And a simple output to the above code is provided below.

# STRING ISN’T EMPTY

Let us see how to check if a string is not empty. Remember the -n option which will evaluate to true if the string is not empty.

# declaring and assigning nothing to the variable empty="" if [[ -n "$empty" ]]; then echo "Not empty." # or do what you like when the string is not empty else echo "String is empty." # or do what you like when it is fi;

The output above shows that the code has executed and printed out "String is empty." because we have empty="". The output below shows exactly that.

# EQUAL STRINGS

Let us see how we might compare two strings.

# declaring first string variable str1="techenum" # declaring second string variable str2="techenum" # comparing and printing out the result if [[ $str1 = $str2 ]]; then echo "Strings are equal." else echo "Strings are not equal." fi

In the code of block above if the str1 and str2 are both same the then block is executed or else the else block is executed. Try changing the code and try executing it.

A sample output is provided below showing the proof of the code. The code in image above uses different strings but you get the point.

# NOT EQUAL STRINGS

The code below shows how to reverse the condition from above potion. It is exactly the same we are just flipping the conditions from. Check the code out:

# declaring first string variable str1="techenum" # declaring second string variable str2="techenum" # comparing and printing out the result if [[ $str1 != $str2 ]]; then echo "Strings are not equal." else echo "Strings are equal." fi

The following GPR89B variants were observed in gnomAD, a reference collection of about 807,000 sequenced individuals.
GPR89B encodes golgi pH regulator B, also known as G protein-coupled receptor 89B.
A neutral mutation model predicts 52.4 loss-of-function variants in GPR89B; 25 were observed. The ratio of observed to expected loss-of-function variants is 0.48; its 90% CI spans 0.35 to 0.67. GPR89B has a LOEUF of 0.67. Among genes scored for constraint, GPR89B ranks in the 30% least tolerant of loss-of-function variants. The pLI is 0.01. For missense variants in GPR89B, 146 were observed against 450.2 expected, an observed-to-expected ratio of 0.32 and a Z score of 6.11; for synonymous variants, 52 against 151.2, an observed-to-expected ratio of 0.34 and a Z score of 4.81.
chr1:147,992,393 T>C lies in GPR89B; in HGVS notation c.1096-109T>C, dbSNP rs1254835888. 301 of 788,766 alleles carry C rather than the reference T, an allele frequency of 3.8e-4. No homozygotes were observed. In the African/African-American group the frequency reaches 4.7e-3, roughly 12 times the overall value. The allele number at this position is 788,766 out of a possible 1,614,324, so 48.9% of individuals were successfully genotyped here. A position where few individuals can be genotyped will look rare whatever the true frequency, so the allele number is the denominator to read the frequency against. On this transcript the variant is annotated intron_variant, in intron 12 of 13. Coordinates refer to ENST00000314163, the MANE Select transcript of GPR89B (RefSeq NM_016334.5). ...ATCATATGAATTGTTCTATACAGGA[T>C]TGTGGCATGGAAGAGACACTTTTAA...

The code above when executed will produce the following result shown in the image below.

With the code above we have concluded about the bash programming conditionals for String. However, we have not yet looked at the number comparison. So let us continue …

Also Read: 5 Best Programming Languages to Learn in 2020

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COMPARING NUMBERS

Here we will look at conditionals in bash programming for numbers. We will learn to check if the numbers are equal, not equal, less than etc. So let us dive right in with the equal comparison at first.

The code is almost same as the one used in above examples. But regardless we will be doing a verbose coding for this portion as well.

# EQUAL NUMBERS